```
x = c(70, 82, 78, 74, 94, 82)
n = length(x)
```

and the \(m = 8\) observations of \(Y\),

```
y = c(64, 72, 60, 76, 72, 80, 84, 68)
m = length(y)
```

we will test \(H_{0}: \mu_{1} = \mu_{2}\) versus \(H_{1}: \mu_{1} > \mu_{2}\).

First, note that we can calculate the sample means and standard deviations.

```
x_bar = mean(x)
s_x = sd(x)
y_bar = mean(y)
s_y = sd(y)
```

We can then calculate the pooled standard deviation.

\[ s_{p} = \sqrt{\frac{(n-1)s_{x}^{2}+(m-1)s_{y}^{2}}{n+m-2}} \]

`s_p = sqrt(((n - 1) * s_x ^ 2 + (m - 1) * s_y ^ 2) / (n + m - 2))`

Thus, the relevant \(t\) test statistic is given by

\[ t = \frac{(\bar{x}-\bar{y})-\mu_{0}}{s_{p}\sqrt{\frac{1}{n}+\frac{1}{m}}}. \]

```
t = ((x_bar - y_bar) - 0) / (s_p * sqrt(1 / n + 1 / m))
t
```

`## [1] 1.823369`

Note that \(t \sim t_{n + m - 2} = t_{12}\), so we can calculate the p-value, which is

\[ P(t_{12} > 1.8233692). \]

`1 - pt(t, df = n + m - 2)`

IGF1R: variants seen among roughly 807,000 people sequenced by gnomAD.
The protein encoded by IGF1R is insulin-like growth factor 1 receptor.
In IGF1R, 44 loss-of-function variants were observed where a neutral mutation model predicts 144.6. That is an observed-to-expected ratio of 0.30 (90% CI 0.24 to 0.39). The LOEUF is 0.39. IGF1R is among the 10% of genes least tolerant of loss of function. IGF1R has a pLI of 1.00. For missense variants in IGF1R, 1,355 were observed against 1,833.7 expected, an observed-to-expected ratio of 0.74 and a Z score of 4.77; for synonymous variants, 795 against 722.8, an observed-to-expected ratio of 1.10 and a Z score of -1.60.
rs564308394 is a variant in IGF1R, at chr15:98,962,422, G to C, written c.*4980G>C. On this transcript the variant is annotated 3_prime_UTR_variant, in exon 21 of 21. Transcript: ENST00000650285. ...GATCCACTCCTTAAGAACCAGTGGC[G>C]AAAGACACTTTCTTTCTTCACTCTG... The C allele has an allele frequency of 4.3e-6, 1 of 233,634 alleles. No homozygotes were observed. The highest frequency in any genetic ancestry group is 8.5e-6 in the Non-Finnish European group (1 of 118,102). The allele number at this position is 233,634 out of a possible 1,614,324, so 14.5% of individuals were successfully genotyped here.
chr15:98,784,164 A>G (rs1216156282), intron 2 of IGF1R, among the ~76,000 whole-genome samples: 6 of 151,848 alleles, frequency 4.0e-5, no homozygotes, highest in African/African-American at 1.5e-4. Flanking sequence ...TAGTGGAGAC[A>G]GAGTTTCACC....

`## [1] 0.04661961`

But, then again, we could have simply performed this test in one line of `R`

.

`t.test(x, y, alternative = c("greater"), var.equal = TRUE)`

```
##
## Two Sample t-test
##
## data: x and y
## t = 1.8234, df = 12, p-value = 0.04662
## alternative hypothesis: true difference in means is greater than 0
## 95 percent confidence interval:
## 0.1802451 Inf
## sample estimates:
## mean of x mean of y
## 80 72
```

Recall that a two-sample \(t\)-test can be done with or without an equal variance assumption. Here `var.equal = TRUE`

tells `R`

we would like to perform the test under the equal variance assumption.

Above we carried out the analysis using two vectors `x`

and `y`

. In general, we will have a preference for using data frames.

```
t_test_data = data.frame(values = c(x, y),
group = c(rep("A", length(x)), rep("B", length(y))))
```

We now have the data stored in a single variables (`values`

) and have created a second variable (`group`